Hey bull, oil technology in the US has changed dramatically since the 1980's. The frackers can find and extract oil now at a fraction of the cost back then. OPEC is in disarray and may not even exist in a few years. The Saudis are losing millions every day trying to support their citizens with these low prices and can't hold them down forever. They also no longer have the Bush cartel in their back pocket to defend them from foreign invaders such as ISIS and have to absorb the cost of supporting their own military. The US oil business is here to stay regardless what games the Saudis try to play. I think the Saudis are regretting this recent game plan already and OPEC is close to mutiny.

  • Reply to

    Oil Independence

    by bullthrower5 Aug 24, 2015 12:34 AM
    rjmcbear rjmcbear Aug 25, 2015 9:05 PM Flag

    Hey Gumby obviously you haven't noticed that the good paying job exodus has been going on for the past 30+ years and coincidentally started with the late great Ronald McDonald Reagan. This country used to lead the world in manufacturing and now we don't make much of anything anymore. Good paying union jobs were sent to China and many 3rd world countries long ago. Remember the steel industry or textile industry. It's amusing you guys only noticed this fact recently but the damage was done long ago.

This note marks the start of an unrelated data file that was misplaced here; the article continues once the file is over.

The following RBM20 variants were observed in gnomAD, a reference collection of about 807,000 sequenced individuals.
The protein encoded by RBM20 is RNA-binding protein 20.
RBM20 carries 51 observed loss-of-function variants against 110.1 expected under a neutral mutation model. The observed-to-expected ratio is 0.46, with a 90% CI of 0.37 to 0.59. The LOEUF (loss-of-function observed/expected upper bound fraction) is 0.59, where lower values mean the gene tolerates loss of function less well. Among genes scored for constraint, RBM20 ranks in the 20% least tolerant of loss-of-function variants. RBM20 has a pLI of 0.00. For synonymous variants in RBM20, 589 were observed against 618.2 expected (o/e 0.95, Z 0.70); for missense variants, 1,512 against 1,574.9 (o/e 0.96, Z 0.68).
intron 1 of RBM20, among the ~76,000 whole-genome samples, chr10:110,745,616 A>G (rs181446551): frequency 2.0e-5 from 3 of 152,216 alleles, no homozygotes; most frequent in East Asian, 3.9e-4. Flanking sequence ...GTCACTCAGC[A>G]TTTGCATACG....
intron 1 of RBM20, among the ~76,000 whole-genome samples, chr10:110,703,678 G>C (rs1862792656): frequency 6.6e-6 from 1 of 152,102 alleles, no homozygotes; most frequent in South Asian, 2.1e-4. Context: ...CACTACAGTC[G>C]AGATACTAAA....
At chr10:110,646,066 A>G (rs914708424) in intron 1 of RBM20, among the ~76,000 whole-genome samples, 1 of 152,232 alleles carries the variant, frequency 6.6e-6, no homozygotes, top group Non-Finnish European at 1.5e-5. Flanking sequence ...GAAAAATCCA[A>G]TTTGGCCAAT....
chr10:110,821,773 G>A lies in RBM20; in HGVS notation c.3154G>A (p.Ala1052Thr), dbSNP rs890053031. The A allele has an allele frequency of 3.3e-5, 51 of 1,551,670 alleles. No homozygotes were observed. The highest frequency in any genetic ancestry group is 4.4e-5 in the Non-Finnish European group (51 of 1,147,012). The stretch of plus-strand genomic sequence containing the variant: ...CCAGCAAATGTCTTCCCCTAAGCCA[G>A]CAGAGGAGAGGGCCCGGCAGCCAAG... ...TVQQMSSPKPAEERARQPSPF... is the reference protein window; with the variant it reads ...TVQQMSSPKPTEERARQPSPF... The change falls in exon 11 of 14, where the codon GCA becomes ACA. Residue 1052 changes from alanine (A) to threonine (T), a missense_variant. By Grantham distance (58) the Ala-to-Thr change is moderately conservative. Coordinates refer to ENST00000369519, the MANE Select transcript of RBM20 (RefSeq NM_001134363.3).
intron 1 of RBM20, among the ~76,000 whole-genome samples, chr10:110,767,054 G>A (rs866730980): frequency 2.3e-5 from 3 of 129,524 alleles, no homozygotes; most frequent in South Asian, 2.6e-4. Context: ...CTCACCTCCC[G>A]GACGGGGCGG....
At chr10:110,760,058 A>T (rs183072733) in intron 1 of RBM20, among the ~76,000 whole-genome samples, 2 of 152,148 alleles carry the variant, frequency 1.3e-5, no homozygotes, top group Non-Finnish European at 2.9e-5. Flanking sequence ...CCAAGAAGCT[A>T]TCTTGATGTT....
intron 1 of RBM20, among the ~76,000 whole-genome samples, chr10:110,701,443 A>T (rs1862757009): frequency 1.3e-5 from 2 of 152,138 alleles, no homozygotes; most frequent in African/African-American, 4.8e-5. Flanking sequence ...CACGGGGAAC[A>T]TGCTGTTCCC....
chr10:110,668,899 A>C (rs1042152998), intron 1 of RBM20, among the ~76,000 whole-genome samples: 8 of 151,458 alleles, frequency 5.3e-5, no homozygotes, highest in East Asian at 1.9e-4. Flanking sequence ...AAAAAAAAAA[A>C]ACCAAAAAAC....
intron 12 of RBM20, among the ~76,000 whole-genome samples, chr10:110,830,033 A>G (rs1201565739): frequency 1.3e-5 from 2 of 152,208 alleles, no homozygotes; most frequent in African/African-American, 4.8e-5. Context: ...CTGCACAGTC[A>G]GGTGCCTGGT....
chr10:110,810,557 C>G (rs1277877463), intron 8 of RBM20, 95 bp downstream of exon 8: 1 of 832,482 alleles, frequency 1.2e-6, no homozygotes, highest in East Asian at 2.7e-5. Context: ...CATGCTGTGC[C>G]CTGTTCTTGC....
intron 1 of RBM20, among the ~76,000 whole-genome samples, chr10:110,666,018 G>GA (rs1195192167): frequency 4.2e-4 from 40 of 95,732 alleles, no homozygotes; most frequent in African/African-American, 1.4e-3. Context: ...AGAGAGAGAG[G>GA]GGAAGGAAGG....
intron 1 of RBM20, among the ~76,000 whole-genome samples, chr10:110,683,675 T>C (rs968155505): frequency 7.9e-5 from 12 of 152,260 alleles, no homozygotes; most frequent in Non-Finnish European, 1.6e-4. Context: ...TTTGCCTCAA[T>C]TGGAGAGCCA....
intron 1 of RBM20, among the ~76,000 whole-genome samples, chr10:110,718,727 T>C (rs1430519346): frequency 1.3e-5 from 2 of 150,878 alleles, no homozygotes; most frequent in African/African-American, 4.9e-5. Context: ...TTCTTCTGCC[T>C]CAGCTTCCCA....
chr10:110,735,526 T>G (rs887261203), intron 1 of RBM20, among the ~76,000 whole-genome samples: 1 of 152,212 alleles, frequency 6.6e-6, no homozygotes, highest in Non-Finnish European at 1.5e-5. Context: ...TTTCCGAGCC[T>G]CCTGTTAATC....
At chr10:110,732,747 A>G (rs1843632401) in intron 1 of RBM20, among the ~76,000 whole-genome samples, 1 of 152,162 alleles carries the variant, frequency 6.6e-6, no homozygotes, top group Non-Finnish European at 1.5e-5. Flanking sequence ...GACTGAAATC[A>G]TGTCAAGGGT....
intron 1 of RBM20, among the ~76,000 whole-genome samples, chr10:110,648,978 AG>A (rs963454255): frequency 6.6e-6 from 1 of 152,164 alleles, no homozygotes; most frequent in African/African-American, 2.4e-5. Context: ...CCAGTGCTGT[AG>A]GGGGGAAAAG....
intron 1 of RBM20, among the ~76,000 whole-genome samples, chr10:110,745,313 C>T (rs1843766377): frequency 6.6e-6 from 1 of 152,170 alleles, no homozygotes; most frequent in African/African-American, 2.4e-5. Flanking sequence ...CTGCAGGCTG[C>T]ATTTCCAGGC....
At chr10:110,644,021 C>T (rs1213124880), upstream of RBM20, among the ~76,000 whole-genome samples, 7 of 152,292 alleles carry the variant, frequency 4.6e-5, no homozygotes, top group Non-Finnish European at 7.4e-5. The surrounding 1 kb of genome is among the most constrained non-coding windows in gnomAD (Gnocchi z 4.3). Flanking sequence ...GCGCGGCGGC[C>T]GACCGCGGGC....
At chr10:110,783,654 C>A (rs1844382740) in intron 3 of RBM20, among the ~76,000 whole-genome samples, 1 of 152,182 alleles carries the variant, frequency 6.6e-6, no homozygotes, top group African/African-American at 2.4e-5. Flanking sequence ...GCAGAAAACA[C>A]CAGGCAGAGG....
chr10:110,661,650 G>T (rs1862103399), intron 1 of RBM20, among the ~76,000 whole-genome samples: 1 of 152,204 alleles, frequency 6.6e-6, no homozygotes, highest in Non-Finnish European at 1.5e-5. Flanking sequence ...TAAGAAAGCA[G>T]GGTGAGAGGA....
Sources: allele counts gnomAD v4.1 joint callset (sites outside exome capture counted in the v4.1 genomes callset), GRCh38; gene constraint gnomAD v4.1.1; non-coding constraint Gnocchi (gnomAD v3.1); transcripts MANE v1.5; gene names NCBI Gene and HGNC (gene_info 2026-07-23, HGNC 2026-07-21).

• Reply to

    Oil Independence

    by bullthrower5 Aug 24, 2015 12:34 AM
    rjmcbear rjmcbear Aug 25, 2015 2:14 PM Flag

    " The US oil fracking business is still in it's infancy and will only get stronger."
    " The US oil business is here to stay."

    I guess you failed reading comprehension in school, right.

  • Reply to

    Oil Independence

    by bullthrower5 Aug 24, 2015 12:34 AM
    rjmcbear rjmcbear Aug 25, 2015 2:02 PM Flag

    You sir are the "IDIOT". Do you actually believe EVERY oil producer will disappear? The US oil fracking business is still in it's infancy and will only get stronger. Companies and fracking technology will only get more efficient. Some companies won't make it but the stronger ones will be there to gobble them up. OPEC is in disarray and the Saudis are only looking out for themselves. The US oil business is here to stay.

  • Reply to

    without ellis the ship will sink

    by bryandimiceli Aug 25, 2015 1:12 PM
    rjmcbear rjmcbear Aug 25, 2015 1:55 PM Flag

    Linn is no comparison to Enron. Enron INTENTIONALLY cooked the books and went so far as to hire accountants to cover it up and deceive the audits. Linn is guilty of over leveraging and historically low oil prices not accounting fraud. If you sold at $30 plus why are you here anyway, liar!